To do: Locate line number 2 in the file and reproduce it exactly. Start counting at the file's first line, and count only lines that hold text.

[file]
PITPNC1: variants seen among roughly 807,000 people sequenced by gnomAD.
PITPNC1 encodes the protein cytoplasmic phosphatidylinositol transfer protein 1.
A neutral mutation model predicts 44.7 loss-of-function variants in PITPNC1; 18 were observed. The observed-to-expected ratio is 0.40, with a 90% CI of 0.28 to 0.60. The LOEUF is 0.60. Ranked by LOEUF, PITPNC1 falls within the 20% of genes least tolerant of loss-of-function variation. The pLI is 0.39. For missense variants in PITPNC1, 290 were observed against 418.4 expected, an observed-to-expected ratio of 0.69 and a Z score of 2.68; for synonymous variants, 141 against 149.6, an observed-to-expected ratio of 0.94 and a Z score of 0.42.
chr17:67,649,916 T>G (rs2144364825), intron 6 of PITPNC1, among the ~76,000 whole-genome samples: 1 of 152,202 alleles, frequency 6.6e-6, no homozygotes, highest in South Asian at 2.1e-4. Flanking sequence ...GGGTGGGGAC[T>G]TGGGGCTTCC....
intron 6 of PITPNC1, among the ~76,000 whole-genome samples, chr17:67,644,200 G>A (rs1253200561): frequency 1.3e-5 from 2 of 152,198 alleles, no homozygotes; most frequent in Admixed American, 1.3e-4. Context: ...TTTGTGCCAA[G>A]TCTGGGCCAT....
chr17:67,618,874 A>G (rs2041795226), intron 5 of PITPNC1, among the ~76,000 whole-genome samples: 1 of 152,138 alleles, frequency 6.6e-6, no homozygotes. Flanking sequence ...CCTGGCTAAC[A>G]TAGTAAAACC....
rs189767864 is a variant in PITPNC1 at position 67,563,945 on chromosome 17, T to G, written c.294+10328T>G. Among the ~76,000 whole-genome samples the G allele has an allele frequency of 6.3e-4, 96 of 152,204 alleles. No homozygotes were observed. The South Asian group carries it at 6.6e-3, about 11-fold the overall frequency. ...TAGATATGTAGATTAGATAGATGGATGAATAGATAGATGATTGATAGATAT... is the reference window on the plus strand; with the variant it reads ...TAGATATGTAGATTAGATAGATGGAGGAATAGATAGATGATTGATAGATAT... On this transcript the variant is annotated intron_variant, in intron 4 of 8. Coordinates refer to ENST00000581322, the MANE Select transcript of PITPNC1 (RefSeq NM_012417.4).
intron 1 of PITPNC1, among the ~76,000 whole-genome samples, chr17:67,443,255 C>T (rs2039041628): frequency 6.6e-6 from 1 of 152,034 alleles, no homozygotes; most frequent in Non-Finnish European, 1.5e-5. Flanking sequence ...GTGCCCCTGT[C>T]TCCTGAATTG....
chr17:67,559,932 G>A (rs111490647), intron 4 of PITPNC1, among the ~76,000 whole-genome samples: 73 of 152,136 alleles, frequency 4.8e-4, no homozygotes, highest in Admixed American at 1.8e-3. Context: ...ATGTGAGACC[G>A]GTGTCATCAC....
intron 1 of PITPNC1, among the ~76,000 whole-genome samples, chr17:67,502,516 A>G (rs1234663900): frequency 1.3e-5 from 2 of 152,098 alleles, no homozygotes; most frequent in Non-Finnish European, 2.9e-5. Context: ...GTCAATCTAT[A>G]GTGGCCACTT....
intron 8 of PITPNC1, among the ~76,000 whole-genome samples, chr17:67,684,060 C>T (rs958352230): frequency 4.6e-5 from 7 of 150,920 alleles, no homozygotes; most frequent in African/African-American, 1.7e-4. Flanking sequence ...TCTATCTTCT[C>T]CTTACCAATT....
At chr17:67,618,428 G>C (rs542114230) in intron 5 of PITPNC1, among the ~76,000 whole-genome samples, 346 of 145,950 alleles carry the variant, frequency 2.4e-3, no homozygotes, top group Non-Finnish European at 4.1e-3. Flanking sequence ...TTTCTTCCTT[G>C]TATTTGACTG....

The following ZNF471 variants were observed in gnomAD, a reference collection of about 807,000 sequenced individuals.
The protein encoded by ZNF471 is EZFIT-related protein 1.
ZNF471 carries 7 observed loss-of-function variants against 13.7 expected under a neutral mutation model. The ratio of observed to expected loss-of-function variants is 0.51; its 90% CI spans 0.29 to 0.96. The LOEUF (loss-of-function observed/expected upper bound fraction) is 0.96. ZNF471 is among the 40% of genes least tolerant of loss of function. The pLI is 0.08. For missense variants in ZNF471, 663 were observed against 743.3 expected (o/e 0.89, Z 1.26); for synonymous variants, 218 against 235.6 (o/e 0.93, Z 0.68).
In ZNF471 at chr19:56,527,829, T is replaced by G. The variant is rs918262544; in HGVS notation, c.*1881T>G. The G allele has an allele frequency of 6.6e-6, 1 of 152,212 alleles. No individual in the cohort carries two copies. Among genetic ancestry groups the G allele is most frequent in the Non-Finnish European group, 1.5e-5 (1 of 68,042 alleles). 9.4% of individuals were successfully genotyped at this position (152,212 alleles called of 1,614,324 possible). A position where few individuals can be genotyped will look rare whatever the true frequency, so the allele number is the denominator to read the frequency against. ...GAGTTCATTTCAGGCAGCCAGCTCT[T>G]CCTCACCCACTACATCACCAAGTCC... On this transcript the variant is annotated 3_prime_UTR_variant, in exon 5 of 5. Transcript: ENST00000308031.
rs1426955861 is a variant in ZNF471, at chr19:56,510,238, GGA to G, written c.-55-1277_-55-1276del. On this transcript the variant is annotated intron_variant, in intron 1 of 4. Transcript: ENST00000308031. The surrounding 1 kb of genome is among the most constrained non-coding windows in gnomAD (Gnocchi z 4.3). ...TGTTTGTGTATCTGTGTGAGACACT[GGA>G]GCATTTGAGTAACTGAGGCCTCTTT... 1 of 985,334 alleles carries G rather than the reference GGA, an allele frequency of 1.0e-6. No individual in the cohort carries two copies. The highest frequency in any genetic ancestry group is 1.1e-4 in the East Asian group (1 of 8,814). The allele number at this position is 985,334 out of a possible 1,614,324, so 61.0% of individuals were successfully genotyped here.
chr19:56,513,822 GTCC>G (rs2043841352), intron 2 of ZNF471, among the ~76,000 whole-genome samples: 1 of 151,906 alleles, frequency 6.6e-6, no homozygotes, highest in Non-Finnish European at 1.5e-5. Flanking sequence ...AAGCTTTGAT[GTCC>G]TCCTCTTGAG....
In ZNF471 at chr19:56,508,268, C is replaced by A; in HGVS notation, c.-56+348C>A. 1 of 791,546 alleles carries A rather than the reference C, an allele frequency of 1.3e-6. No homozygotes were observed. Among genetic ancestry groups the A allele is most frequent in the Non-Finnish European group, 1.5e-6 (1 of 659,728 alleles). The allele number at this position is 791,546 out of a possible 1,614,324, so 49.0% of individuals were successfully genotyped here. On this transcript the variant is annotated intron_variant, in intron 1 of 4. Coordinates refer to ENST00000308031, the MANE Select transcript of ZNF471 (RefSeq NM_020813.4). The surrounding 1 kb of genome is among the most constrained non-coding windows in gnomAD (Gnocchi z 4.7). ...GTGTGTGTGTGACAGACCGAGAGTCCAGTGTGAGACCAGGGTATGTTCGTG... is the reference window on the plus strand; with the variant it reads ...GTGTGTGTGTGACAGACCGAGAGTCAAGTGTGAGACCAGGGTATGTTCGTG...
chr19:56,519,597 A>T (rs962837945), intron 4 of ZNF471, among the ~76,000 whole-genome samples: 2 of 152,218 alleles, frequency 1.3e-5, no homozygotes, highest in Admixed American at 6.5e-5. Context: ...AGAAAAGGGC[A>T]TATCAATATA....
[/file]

PITPNC1 encodes the protein cytoplasmic phosphatidylinositol transfer protein 1.